Salon readers weigh in on interviews with Richard Florida and James Atlas.

Published April 22, 2005 6:10PM (EDT)

[Read "The Gay/Hipster Index," by Christopher Dreher.]

Richard Florida has put his finger exactly on the things that have been the source of America's economic and cultural power: its openness to new people and ideas, an openness that dates back to the American Revolution and really is part of the definition of what it means to be an American. He also accurately shows how they are threatened.

But he's wrong that no one in Washington is talking about how to address the fears of those who are being left behind by today's new economic waves of creativity.

Howard Dean is. Florida should read the speech Dean gave last week to the California Democratic Party. To quote him very briefly, just to give a sense,

"...there is a group of people who have the highest level of anxiety that I have ever seen in America. About one-quarter of Americans are worried. They are worried about the president sending more of their jobs overseas than ever before. They are worried about losing their health insurance ... These people are one check away from losing their mortgage ...

"But what they are worried about more than anything else is that they've already lost control of their life economically. The only thing they have left that they can't lose control of is their kids and their families. We need to talk to those folks. We need not to react to the backlash and the differences and opinions about gay rights and things like that, because that's the symptom."

Put side by side Florida and Dean dovetail uncannily because both men are several steps ahead of everyone else.

-- Larry Dudley

Richard Florida takes as an implicit assumption that we are interested in "what is best for America," and, amazingly, the interviewer never challenges him on this. Florida worries about the class divide in the U.S. but never considers global inequality. If one is concerned about global justice and equality, then one would want the winners of this competition for talent not to be the already rich U.S. cities, but places like Beijing, Hyderabad and Caracas.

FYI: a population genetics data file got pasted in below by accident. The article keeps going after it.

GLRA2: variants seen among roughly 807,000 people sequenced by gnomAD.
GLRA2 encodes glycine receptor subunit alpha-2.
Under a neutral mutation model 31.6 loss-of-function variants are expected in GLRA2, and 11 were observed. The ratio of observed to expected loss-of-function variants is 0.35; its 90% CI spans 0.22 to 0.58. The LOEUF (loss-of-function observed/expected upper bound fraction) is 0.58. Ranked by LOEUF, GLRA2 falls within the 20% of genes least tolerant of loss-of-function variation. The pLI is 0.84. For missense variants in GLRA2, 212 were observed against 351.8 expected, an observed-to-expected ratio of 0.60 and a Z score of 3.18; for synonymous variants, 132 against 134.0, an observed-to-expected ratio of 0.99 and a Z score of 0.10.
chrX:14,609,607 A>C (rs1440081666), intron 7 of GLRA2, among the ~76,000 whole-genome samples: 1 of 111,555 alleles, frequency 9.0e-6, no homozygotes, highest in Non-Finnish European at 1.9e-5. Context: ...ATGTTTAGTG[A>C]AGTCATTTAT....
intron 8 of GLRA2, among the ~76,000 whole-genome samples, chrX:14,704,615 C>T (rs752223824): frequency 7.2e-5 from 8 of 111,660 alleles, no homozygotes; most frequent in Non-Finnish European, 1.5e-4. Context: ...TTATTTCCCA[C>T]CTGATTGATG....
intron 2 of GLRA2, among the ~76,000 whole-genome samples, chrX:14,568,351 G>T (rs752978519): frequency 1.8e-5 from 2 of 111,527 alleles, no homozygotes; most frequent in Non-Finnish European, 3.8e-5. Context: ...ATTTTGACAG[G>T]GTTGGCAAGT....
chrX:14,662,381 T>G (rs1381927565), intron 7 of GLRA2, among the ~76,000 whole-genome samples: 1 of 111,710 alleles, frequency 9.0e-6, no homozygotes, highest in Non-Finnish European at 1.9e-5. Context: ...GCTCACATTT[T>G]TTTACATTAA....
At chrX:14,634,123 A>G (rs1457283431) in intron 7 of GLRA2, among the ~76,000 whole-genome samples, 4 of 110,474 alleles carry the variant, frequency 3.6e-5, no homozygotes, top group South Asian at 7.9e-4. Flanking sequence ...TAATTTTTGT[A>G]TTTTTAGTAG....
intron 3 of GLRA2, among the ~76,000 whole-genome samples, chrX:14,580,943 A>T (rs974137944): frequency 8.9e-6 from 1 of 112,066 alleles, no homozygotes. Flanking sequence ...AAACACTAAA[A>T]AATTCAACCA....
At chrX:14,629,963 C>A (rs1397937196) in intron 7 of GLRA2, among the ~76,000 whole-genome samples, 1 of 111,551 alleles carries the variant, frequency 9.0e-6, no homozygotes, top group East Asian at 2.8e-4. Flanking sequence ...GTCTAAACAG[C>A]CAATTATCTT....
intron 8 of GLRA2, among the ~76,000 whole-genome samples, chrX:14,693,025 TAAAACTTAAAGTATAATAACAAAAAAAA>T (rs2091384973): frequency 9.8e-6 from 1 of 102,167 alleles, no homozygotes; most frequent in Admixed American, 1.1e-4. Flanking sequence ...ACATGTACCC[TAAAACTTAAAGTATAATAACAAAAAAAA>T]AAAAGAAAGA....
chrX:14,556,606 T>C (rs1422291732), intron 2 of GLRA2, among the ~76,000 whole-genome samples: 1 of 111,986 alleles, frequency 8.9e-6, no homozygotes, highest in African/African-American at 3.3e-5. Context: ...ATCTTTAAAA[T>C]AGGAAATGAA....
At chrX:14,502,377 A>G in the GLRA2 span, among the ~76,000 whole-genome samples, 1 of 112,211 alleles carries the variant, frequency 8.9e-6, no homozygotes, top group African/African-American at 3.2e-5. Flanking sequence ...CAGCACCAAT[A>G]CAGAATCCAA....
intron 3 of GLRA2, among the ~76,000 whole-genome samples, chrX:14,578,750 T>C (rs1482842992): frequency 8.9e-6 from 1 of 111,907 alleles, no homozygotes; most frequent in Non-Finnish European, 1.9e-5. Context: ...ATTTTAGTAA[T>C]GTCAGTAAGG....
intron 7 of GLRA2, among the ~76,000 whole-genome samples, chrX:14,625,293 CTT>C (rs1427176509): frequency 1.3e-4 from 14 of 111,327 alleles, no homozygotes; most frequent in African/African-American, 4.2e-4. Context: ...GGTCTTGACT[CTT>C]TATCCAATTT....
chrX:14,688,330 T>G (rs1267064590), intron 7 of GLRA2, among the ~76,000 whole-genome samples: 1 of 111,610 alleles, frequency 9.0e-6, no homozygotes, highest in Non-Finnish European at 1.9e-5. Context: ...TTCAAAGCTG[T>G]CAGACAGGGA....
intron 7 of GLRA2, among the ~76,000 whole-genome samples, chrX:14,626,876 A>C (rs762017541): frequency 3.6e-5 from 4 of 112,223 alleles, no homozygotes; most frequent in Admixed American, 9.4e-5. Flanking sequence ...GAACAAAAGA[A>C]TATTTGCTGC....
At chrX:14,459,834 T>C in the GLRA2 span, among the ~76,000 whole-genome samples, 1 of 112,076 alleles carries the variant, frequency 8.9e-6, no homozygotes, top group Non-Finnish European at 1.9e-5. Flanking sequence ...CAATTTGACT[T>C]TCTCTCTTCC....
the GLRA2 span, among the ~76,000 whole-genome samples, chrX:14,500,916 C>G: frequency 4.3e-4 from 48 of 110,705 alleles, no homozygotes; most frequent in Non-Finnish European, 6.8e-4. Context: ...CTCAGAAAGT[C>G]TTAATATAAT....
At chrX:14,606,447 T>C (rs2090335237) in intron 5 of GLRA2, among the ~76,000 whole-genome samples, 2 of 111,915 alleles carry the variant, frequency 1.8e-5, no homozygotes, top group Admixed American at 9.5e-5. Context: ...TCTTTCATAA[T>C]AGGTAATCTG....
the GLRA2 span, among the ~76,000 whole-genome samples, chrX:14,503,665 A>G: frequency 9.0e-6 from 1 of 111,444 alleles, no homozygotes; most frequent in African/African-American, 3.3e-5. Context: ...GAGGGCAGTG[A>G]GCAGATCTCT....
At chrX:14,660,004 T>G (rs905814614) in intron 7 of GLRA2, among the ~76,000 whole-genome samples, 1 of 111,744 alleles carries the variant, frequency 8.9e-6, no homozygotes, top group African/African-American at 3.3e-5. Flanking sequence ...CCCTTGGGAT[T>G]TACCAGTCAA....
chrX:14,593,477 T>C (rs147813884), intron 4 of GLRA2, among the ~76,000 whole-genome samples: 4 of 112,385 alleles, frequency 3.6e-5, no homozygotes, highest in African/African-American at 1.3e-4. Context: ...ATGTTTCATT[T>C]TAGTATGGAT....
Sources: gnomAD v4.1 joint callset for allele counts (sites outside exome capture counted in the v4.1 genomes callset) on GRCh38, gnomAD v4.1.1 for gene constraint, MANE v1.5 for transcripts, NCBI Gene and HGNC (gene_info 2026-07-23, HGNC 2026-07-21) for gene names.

-- Martin B.

It was kind of eerie reading this, in part because I am an American reading it from South Korea. My husband and I chose to leave jobs with highly competitive wages in the states and come here to teach English. We wanted a more relaxed lifestyle, to save money, to not need a car, to have a nice place to live and to not worry about healthcare. And while we only plan on being here for a few years, we aren't sure we will be going back to the States when we leave. One of the many interesting things about living in Korea is watching a society that is opening up while my own seems to be shutting down.

-- Wahrena Pfeister

[Read "The Haunted 50s," by David Bowman.]

Ah, so I see that the most self-involved generation in the history of the world is now writing books about their middle age, with James Atlas' "My Life in the Middle Ages" leading the charge! Lucky us! How I have so pined for more boomer books, and so worried that the number of books written about and by them had been decreasing in the face of the small boomlet (sorry) of books about "The Greatest Generation."

Now I can sit back, confident in the knowledge that my generation -- the "Wedge" generation, squeezed in between the boomers and Generation X -- can once again sit on the sidelines being ignored, doing our jobs, paying our taxes, having kids, getting sick, getting surgery, and living our lives without writing a lot of navel-gazing books about it. Whew! What a relief!

-- Douglas Moran

By Salon Staff

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